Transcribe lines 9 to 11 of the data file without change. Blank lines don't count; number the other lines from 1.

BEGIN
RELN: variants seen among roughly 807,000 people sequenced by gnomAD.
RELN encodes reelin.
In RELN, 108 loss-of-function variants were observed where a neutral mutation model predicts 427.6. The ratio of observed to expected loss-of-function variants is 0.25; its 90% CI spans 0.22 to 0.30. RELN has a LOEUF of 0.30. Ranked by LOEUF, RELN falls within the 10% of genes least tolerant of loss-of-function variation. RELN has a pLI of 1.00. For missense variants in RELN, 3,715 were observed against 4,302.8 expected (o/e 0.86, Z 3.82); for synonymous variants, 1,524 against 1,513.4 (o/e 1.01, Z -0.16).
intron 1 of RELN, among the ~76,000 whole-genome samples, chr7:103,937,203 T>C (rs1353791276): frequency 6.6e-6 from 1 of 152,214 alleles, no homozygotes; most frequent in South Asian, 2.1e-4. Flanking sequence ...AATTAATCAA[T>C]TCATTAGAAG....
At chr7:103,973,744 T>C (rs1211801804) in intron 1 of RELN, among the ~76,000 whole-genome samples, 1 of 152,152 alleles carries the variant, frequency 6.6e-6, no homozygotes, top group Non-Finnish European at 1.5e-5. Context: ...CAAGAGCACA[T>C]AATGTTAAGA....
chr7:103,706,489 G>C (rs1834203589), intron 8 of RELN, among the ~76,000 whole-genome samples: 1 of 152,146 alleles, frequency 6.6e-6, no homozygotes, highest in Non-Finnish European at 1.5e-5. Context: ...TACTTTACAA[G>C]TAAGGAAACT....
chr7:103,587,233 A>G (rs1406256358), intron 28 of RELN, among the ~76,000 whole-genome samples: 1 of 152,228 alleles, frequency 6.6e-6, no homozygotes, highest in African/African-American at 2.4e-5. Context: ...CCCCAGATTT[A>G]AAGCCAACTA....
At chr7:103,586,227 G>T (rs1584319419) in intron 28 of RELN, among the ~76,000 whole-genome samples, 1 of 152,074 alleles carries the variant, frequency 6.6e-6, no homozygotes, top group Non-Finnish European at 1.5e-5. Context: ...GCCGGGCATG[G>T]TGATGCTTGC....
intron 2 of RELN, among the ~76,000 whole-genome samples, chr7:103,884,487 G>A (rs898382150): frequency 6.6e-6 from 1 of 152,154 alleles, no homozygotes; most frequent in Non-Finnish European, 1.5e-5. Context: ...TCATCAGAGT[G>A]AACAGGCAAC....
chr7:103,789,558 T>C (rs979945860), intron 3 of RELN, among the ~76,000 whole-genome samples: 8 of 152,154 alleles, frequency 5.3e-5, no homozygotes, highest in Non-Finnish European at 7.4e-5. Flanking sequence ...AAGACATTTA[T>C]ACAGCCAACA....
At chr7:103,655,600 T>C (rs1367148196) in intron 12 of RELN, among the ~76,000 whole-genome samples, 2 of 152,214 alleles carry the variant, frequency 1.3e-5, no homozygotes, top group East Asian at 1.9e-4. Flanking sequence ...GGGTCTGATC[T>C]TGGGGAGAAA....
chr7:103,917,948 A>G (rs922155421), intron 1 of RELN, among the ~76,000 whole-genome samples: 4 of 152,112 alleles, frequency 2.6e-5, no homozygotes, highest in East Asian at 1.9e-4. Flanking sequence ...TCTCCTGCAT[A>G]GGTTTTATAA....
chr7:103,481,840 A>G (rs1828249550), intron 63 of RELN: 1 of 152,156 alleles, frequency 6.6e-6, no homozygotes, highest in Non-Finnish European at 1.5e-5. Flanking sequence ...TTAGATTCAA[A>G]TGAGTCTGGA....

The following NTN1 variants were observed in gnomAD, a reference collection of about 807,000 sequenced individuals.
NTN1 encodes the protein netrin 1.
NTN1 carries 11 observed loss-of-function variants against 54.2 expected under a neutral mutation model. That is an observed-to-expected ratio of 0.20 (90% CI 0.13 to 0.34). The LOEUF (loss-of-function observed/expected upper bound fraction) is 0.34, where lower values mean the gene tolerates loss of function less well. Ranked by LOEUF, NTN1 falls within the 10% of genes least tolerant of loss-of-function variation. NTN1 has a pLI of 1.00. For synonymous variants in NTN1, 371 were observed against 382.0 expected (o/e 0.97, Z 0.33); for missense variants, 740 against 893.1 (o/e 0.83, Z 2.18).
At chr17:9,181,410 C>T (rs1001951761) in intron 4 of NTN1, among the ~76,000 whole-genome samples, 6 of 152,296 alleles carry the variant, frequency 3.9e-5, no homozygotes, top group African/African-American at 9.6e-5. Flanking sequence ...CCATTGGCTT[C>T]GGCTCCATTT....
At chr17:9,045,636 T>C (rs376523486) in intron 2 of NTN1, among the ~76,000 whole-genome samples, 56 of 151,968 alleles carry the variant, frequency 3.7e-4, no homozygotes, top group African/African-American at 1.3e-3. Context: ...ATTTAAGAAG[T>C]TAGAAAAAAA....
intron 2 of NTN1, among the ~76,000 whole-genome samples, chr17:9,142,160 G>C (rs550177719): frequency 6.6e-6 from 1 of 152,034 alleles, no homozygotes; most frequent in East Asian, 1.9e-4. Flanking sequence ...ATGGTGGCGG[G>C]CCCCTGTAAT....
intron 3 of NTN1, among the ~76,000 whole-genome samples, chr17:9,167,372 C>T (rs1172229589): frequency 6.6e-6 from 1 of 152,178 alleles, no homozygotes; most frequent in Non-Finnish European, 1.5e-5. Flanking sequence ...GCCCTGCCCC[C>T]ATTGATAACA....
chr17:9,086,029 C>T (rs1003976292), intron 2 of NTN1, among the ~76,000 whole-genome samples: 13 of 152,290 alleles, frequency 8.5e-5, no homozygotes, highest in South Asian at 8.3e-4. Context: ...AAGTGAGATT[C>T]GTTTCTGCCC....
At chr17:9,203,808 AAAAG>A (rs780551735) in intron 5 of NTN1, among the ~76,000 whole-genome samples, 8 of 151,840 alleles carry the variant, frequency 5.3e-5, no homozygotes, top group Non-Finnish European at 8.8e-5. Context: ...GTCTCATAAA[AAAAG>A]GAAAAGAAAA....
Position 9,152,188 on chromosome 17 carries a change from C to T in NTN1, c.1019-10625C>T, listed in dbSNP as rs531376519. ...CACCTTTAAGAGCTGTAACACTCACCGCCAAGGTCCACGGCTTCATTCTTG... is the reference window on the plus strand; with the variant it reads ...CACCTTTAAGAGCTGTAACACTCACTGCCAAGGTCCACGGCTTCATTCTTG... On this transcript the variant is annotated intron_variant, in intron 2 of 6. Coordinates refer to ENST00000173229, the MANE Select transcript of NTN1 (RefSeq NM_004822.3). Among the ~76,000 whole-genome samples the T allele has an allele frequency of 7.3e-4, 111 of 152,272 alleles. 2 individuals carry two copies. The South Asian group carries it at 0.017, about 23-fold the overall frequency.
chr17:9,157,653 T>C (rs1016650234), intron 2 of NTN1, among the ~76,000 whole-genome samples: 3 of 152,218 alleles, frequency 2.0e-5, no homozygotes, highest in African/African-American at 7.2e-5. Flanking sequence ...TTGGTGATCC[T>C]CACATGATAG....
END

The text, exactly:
intron 2 of RELN, among the ~76,000 whole-genome samples, chr7:103,884,487 G>A (rs898382150): frequency 6.6e-6 from 1 of 152,154 alleles, no homozygotes; most frequent in Non-Finnish European, 1.5e-5. Context: ...TCATCAGAGT[G>A]AACAGGCAAC....
chr7:103,789,558 T>C (rs979945860), intron 3 of RELN, among the ~76,000 whole-genome samples: 8 of 152,154 alleles, frequency 5.3e-5, no homozygotes, highest in Non-Finnish European at 7.4e-5. Flanking sequence ...AAGACATTTA[T>C]ACAGCCAACA....
At chr7:103,655,600 T>C (rs1367148196) in intron 12 of RELN, among the ~76,000 whole-genome samples, 2 of 152,214 alleles carry the variant, frequency 1.3e-5, no homozygotes, top group East Asian at 1.9e-4. Flanking sequence ...GGGTCTGATC[T>C]TGGGGAGAAA....